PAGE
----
A new report on how to assess and sell your IT spend hits the analysis market.
Any manager with even a few years of activity under his or her belt will recognize the continuing cycle of business and IT management theories, and the regular positioning by experts on current topics of note.
It is a matter of course that analysts will develop their pet theories about how business operates, with the relationship between IT and business being a particularly prolific area of activity. Like haute couture designers with annual prognostications on fashion dress sense, IT analytical firms will develop their particular theories and promote them heavily through publications and seminars, using them as a guiding corporate philosophy adhered to by all employees.
These philosophies form the basis of differentiation and marketing for IT consultancies such as Gartner, Meta, IDC, CSC, DMR, IBM, Cap Gemini and so on, as well as a coterie of technology vendors hopping in for their own tuppence-worth and market position. But how valuable are these analyses, beyond being this year's "must-read" topic of discussion. Like the technologies they discuss, some disappear almost as soon as they appear, some have high expectations and publicity followed by diminishing returns, and others settle into a comfortable position as accepted wisdom, like the infrastructure of IT projects.
The real value in this parade of analyses lies more correctly in the advice you can glean from them than necessarily any radical rewriting or, more often, less-than-earth-shattering vision of the IT universe. The particular theory may fade from sight reasonably quickly (or more likely be replaced by more recent and fashionable theories); the advice can have much longer lasting benefits.
CSC Deals Itself In
Global IT services firm CSC has entered this fray with a recent report titled IT Spend: The New Realities. This follows and complements CSC's issuing of a series of playing cards late in 2002 that laid out ideas for cutting costs and increasing value.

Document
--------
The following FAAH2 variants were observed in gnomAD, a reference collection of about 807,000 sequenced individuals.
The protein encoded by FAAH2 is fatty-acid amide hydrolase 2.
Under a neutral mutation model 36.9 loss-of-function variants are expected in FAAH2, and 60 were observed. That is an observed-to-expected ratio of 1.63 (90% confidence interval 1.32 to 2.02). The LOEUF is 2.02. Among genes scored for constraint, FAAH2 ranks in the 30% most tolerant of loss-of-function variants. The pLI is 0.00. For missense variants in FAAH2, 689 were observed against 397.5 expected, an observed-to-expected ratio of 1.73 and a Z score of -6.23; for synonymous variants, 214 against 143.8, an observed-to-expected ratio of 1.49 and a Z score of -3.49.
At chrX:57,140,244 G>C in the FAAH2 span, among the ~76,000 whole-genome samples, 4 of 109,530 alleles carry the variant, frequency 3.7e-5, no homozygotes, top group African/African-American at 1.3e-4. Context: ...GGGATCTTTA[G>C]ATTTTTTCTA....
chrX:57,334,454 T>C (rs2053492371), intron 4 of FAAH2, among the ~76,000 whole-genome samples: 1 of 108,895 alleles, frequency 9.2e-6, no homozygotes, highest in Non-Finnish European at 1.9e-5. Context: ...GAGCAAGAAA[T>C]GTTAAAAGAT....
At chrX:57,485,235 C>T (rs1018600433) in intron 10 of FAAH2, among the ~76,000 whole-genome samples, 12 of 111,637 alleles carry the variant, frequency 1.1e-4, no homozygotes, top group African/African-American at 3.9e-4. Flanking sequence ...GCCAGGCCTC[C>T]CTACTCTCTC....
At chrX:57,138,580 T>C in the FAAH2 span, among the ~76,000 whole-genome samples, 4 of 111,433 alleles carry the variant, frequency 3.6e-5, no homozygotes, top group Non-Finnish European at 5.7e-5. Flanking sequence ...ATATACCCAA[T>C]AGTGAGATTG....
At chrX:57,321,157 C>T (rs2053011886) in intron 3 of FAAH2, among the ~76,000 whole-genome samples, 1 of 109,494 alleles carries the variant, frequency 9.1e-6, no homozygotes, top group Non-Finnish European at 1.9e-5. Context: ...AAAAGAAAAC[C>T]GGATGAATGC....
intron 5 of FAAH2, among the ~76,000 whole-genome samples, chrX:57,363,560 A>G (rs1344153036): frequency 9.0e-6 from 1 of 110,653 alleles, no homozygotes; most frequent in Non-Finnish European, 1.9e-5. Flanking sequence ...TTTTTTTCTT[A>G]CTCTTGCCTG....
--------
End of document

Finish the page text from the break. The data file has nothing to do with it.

Chris Dale, CSC researcher and author of the report, says there have been great changes in the IT environment in recent years that have had a major impact on the operations of IT departments and the way they approach their IT spend assessments.
"This is the first time for many IT managers that they've been told to cut costs, or even stop spending entirely," he says. "An awful lot of IT expenditure is just about keeping the show on the road. There is a portfolio of legacy applications that needs to be maintained, and new things are added every year. This raises questions like: Do we really need to keep all of this going? What do we retire or re-engineer? Do we really need to provide a support team for particular applications?
"The second big change is the pervasiveness of IT; it's everywhere and affects every aspect of business. The third is that just about every business unit manager is spending on IT.
"And the fourth is the increased scepticism from the business - from the CEO, the CFO, et cetera - about the value that IT contributes. Yes, we're getting changes and savings through IT, but it took a long time, a lot more work and a lot of changes around the edges. A lot of business people are very knowledgeable about IT and they can see that [in some cases] the emperor's got no clothes."
What confuses the issue, Dale says, is that people often do not know how much they spend on IT. "The IT budget is not necessarily all that's being spent on IT. Gartner estimates an extra 8 percent of budget is being spent; 25 percent is probably more typical. Another study suggests up to an extra 100 percent on top. This extra money is being spent by the business, and that leads to the possibility of rampant duplication.
"But this is unavoidable, he says. "There's great difficulty in trying to tie down the IT spend. Projects might have an IT component that is just not obvious or visible. Some things are in the IT budget that shouldn't be there, and others should be there but aren't."
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